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Imagination at Elmwood

“Everything you can imagine is real.”
― Pablo Picasso

In the summer of 2016, we let our imaginations soar at Elmwood! In fact, we had an entire day dedicated to the art of imagining with our special event: Day of Wonder. When our Leadership Team was brainstorming special event days last winter, we were hesitant when this idea was first shared. Could we really have a day where we just wondered and pondered? Was it not specific enough to let campers and staff dress up as any special, mystical, or unusual character? Could we design an entire day’s worth of programming around imagination? We decided that this day tied in perfectly to our Elmwood Ten: a set of goals we have for every camper. By encouraging children to use their imagination, they can try new things, work cooperatively, communicate effectively, accept themselves and others and develop independence. At Elmwood, we can help children work on these competencies by making it fun. Click here for more information about the Elmwood Ten: http://www.elmwooddaycamp.com/about-us/elmwood-10

The Day of Wonder’s storyline was about many mystical characters coming together after a villain and his henchmen stole their wonder. Characters included Tinkerbell, Ash and Charzard from Pokemon, a unicorn, Harry Potter and Hermione, and a Jedi. During each activity, all of the campers had to work collectively to figure out a clue that would eventually help the characters get their wonder back. They problem solved and used critical thinking skills all while pushing their imaginations to new limits.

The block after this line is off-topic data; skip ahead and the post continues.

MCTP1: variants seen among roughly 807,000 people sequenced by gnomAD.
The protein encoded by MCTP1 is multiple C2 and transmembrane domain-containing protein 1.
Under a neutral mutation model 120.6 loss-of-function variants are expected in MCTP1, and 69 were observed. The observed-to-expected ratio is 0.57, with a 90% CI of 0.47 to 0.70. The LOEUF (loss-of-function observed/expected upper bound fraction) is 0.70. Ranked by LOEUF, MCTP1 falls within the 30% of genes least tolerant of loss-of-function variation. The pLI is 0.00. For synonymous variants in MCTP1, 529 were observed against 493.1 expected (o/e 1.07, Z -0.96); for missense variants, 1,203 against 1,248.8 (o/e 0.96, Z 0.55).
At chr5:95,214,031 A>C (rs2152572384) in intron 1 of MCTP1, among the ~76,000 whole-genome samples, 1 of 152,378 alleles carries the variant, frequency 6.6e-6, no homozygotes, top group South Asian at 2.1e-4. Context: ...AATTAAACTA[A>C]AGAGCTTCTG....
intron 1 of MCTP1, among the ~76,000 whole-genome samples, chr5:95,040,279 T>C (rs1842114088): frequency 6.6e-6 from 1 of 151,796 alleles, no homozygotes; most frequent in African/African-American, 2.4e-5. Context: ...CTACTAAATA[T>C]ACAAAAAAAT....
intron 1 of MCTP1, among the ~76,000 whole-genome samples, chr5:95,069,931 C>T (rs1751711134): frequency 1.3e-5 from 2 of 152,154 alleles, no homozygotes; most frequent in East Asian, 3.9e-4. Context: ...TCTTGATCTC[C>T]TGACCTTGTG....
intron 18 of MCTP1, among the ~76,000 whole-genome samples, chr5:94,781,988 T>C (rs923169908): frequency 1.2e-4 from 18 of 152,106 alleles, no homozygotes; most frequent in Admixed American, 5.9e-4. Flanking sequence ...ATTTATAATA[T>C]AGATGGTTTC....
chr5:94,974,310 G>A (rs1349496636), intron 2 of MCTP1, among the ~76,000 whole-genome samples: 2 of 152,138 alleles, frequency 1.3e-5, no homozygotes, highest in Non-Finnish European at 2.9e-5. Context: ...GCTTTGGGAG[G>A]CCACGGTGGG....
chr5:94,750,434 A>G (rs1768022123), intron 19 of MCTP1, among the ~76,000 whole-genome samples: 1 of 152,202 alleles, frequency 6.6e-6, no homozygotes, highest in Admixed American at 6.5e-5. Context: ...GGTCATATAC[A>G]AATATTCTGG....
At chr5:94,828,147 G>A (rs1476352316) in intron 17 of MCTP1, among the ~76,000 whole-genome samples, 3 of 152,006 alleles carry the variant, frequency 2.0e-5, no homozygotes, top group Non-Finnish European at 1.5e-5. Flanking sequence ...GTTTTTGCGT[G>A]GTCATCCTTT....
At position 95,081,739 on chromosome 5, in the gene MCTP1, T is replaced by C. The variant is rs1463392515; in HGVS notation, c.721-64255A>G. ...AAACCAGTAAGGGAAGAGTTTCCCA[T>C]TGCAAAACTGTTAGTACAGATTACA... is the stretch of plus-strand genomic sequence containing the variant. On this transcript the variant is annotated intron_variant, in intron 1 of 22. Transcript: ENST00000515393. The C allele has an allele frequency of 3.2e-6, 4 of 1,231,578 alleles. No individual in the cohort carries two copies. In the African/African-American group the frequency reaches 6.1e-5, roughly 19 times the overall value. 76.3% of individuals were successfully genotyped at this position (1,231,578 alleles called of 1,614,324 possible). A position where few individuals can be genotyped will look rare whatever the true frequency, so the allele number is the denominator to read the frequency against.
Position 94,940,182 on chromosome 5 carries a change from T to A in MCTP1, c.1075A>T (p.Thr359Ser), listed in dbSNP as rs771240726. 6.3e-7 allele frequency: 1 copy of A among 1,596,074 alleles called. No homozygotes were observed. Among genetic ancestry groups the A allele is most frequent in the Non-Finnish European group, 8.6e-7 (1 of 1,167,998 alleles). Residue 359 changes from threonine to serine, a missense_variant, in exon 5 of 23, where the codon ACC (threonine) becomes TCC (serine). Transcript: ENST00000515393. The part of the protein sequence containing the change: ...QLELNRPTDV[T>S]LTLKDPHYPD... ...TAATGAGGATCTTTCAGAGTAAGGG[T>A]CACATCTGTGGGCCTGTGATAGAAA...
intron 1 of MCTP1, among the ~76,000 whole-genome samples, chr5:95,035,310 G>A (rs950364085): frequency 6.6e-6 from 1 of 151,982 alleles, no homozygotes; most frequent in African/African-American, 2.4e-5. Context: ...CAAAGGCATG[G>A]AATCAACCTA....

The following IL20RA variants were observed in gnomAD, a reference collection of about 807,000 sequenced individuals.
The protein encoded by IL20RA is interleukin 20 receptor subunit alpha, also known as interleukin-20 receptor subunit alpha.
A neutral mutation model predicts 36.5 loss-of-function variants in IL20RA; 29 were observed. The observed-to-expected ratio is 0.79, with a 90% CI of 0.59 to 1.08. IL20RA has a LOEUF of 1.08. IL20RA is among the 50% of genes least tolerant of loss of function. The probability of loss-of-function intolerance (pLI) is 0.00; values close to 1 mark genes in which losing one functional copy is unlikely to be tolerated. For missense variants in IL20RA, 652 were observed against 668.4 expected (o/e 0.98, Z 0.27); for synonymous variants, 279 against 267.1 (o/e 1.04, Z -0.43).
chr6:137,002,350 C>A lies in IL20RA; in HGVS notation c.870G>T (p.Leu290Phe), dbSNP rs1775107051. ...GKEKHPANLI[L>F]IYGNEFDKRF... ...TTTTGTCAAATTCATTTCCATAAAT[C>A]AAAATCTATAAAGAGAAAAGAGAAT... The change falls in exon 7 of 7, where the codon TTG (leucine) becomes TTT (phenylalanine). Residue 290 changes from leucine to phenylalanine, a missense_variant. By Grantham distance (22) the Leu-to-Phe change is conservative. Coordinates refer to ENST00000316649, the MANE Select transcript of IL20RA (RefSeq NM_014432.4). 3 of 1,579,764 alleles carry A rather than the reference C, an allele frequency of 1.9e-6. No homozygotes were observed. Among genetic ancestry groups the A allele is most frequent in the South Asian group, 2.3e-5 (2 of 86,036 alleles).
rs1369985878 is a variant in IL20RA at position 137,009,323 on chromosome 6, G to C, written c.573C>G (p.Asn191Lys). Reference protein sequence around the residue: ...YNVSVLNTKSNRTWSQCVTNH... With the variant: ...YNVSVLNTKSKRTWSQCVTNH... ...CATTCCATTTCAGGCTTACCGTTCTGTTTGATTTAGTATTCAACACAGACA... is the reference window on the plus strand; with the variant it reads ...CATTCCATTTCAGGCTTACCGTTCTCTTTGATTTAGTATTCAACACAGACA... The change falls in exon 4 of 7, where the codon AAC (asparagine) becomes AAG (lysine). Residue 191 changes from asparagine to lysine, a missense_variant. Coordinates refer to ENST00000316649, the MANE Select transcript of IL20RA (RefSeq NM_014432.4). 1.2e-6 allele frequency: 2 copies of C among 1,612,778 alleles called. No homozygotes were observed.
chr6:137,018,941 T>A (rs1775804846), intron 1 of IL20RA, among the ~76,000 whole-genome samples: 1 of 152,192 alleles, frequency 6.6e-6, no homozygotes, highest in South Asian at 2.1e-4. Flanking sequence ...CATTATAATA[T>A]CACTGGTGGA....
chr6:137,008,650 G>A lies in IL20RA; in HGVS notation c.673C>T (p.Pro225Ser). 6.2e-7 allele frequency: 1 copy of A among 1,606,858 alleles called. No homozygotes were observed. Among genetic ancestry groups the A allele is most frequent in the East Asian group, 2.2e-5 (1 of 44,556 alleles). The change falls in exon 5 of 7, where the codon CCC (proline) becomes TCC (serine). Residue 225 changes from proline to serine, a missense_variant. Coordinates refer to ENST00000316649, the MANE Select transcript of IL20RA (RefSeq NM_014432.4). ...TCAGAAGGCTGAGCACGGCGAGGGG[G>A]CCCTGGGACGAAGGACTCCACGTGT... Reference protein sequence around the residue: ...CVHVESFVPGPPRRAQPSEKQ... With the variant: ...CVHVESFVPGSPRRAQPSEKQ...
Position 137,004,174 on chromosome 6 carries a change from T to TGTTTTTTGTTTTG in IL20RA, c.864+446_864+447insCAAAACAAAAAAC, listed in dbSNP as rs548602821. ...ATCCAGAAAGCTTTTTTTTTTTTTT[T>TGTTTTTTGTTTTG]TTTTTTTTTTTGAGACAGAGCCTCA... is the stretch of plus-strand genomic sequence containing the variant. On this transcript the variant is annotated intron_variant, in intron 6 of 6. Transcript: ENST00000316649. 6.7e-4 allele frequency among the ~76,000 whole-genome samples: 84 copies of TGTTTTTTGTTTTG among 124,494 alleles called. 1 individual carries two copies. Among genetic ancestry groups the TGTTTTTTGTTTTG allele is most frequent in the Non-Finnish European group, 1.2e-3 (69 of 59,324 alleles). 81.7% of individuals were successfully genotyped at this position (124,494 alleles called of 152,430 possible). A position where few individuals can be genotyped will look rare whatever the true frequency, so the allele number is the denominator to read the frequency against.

Children need time for creative play. (Adults do too.) When kids have time for pretend play, they learn the concept of “theory of mind.” The basic principle is that even though the person you are playing with has different ideas, those ideas are equally as valid as your own. Our friends, future classmates, colleagues or partners are capable even though they may think differently.

Furthermore, when children use their imagination they gain the ability to be flexible in their thinking. For example, if one solution to a problem does not work, slight or significant adjustments may lead to a better solution. Better yet, by working collaboratively, they will come up with the best possible solution or learn that there are many ways to solve a problem. Too often children are presented with just black or white options; a Day of Wonder opened them up to infinite possibilities.

Perhaps the biggest benefit of encouraging imagination is that it increases children’s empathy. They learn to be more accepting and less self-conscience. “I can be silly because my counselors (my role models) are being silly!” In this way, our campers learn to judge less and be open to the “big tent” way of living and that everyone is welcome in our community. When kids accept others, they can be more accepting of themselves. Children now do not have to imagine a place where they can be fully accepted for who they are. They found it: it’s called Elmwood.

As we start planning 2017, we will keep in mind that camp must foster creativity and use of imagination. Every part of our program is intentional. In the end, our decision to go forward with Day of Wonder was truly WONDERful!

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